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The market is the loser in the ratings agency war

S&P

Standard & Poor’s has tweaked its corporate loan recovery ratings, indirectly affecting CLO recovery value tests and prompting managers to consider returning to the agency after moving to Moody’s. What a coincidence…

Let’s look at the context. Moody’s last year overtook S&P as the leading ratings agency for CLOs.

One reason for this was because S&P’s recovery ratings — which are used in CLO tests to determine recovery values — were seen as unfairly punitive. And with the rise of more aggressive like cov-lite loans, and their increasing use in CLO portfolios, managers were able to put more leverage on their deals if they used Moody’s.

So, naturally, managers did turn to Moody’s, which became the leading ratings agency for CLOs. As one market participant put it to GlobalCapital, S&P “took a pounding”.

Now, to cut a long story short, S&P’s corporate debt ratings team has changed the way recovery ratings are presented, splitting each recovery rating into two bands.

Why?

“In response to market demand for additional granularity in the recovery ratings that fall within the same recovery rating category,” according to an S&P statement.

But the changes might also enable managers to put more leverage on new CLOs, or old deals if they are prepared to amend the documentation (conveniently, many managers are changing docs to meet the Volcker rule). The changes might also lead to a modest reduction in the credit enhancement required to reach a triple-A rating for new CLOs.

CLO market participants speaking with GlobalCapital say the change will “certainly” lead to more managers using S&P. One manager told GlobalCapital he would now consider using the firm for his next deal, having opted for Moody’s last time round specifically because of S&P’s recovery ratings.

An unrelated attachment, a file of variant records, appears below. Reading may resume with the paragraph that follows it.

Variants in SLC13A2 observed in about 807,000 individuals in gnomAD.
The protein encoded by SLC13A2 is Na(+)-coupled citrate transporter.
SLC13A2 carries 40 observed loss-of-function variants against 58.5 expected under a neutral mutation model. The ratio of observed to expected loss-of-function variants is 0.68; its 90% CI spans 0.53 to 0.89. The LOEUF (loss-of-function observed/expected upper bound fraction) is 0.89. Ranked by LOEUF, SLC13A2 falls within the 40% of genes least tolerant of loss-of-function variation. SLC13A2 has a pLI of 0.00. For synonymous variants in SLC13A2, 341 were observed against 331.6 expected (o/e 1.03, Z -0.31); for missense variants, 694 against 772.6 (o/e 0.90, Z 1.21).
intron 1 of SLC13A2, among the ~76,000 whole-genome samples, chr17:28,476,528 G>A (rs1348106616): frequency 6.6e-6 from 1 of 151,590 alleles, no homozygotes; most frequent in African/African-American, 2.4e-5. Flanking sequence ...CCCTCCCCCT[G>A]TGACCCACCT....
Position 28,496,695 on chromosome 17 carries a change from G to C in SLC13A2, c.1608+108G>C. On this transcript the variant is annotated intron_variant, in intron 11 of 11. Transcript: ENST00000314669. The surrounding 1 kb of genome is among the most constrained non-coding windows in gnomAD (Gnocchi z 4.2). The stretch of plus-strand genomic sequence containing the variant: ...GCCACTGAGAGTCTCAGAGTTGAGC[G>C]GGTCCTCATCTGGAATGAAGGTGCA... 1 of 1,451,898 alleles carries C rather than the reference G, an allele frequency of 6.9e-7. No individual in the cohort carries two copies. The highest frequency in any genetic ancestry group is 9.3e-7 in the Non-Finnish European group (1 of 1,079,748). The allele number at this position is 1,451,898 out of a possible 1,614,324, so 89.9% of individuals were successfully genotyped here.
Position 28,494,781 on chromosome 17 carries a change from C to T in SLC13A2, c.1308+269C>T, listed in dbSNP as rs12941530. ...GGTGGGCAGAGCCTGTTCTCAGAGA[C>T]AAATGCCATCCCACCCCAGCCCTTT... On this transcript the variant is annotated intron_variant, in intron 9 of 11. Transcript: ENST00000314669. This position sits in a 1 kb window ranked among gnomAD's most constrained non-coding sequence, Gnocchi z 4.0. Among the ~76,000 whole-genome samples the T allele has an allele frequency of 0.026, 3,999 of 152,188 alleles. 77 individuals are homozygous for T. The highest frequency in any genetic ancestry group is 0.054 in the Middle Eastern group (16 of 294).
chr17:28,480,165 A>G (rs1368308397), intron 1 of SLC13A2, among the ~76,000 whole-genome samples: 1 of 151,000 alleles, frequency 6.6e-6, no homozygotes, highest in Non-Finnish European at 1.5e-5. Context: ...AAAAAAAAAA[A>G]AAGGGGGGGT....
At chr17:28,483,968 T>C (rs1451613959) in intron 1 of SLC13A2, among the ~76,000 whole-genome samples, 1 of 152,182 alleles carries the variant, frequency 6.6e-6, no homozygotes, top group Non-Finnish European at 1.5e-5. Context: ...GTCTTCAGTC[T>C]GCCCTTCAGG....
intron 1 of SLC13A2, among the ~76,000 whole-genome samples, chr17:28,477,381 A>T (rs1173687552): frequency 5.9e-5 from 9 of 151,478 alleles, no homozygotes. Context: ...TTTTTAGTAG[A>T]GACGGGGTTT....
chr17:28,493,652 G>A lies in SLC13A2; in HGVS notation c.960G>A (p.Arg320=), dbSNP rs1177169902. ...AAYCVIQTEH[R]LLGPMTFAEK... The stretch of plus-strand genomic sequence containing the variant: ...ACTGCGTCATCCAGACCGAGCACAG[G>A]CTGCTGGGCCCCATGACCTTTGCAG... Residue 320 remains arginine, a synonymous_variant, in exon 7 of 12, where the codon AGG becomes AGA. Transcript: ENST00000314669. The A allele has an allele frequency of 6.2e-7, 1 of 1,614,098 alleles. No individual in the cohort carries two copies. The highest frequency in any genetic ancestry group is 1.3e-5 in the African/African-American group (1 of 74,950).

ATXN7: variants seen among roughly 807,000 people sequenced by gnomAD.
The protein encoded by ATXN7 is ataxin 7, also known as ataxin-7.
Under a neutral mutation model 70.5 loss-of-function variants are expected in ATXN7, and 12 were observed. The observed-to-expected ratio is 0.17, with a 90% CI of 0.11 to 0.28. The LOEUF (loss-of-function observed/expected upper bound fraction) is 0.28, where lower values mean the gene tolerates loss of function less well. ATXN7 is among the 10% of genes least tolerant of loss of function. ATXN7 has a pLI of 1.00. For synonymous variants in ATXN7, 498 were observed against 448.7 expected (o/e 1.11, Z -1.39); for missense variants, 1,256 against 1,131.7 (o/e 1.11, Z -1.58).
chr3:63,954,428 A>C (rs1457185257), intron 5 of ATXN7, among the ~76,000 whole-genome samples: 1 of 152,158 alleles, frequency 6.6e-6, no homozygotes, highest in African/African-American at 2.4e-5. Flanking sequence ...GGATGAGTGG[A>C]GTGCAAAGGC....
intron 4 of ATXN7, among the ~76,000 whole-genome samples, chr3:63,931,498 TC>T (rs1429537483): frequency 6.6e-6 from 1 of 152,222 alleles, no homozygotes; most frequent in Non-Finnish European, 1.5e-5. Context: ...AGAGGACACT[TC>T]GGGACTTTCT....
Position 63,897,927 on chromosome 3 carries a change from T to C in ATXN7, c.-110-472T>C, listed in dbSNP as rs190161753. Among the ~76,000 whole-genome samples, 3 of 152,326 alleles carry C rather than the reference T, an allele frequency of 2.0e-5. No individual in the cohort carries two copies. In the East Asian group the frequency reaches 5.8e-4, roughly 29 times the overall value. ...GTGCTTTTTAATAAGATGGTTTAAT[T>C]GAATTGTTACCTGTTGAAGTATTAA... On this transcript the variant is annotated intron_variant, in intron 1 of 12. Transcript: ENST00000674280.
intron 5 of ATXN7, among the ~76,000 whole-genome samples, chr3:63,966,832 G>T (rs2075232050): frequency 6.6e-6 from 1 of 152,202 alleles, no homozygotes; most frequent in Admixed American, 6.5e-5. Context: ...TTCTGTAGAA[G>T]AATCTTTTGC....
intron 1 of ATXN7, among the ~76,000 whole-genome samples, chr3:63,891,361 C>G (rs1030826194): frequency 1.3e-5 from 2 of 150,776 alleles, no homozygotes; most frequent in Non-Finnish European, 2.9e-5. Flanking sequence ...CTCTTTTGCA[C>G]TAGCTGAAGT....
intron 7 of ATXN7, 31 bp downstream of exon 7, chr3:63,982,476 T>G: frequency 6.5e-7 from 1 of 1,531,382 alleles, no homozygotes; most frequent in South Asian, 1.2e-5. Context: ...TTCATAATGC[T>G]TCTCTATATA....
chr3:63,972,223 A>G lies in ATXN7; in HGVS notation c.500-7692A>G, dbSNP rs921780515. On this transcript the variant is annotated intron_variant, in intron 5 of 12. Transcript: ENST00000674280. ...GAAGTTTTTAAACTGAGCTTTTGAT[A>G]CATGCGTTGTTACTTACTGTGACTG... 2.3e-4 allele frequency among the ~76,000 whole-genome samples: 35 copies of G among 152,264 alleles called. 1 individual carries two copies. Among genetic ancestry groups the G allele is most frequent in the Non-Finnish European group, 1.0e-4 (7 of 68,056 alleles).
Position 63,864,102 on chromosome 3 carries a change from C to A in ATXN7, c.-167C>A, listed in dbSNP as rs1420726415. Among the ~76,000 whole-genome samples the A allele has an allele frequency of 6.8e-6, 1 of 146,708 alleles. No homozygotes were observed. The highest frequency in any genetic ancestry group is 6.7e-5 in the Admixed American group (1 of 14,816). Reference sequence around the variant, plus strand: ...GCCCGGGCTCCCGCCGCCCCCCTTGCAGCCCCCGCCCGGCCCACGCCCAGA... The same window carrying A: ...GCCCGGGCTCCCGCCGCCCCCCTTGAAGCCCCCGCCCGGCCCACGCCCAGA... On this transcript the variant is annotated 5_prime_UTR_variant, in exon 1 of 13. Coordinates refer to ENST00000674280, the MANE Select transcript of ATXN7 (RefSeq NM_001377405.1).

“The recovery rating meant you were picking assets based on the recovery rating rather than the ones you really wanted,” he said. “We’ll definitely look at them next time – but if they hadn’t made this change we wouldn’t even be considering them.”

Coincidence?

Ratings agency loses business because of a specific aspect of its ratings process. Ratings agency changes very part of ratings process that was losing it business, in order to win business back?

Not so, said an S&P spokesperson: “Analytic independence has always been a core principle of S&P's ratings process. We have long had policies in place to separate analytic and commercial activities.”

GlobalCapital has no reason to doubt this, but the chronology of events does not inspire confidence. S&P endured a lot of grumbling from the market and lost a bunch of fees over its policy on recovery ratings. Later, it changed the policy, which it says is in the pursuit of ‘additional granularity’.

The S&P spokesperson pointed out that no changes have been made to the assumptions used to rate corporate debt. It is just a tweak to how the information is presented. Certainly no direct changes have been made to the CLO rating methodology. But the agency has clearly listened to the market ­­— the same CLO manager said S&P called him six months ago to talk specifically about the corporate debt recovery rating.

S&P may well have made the change free of any commercial pressure. But the moves in market share, and the change in criteria, are uncomfortably reminiscent of the pre-crisis behaviour which led to rating agencies being pilloried by the public and their regulators, and which landed S&P with a raft of lawsuits.

If it looks like S&P is weakening its criteria to recapture market share, market participants will draw their own conclusions, however robust the agency's "analytical independence". The agency needs to prove its integrity, or the market will be the real loser.

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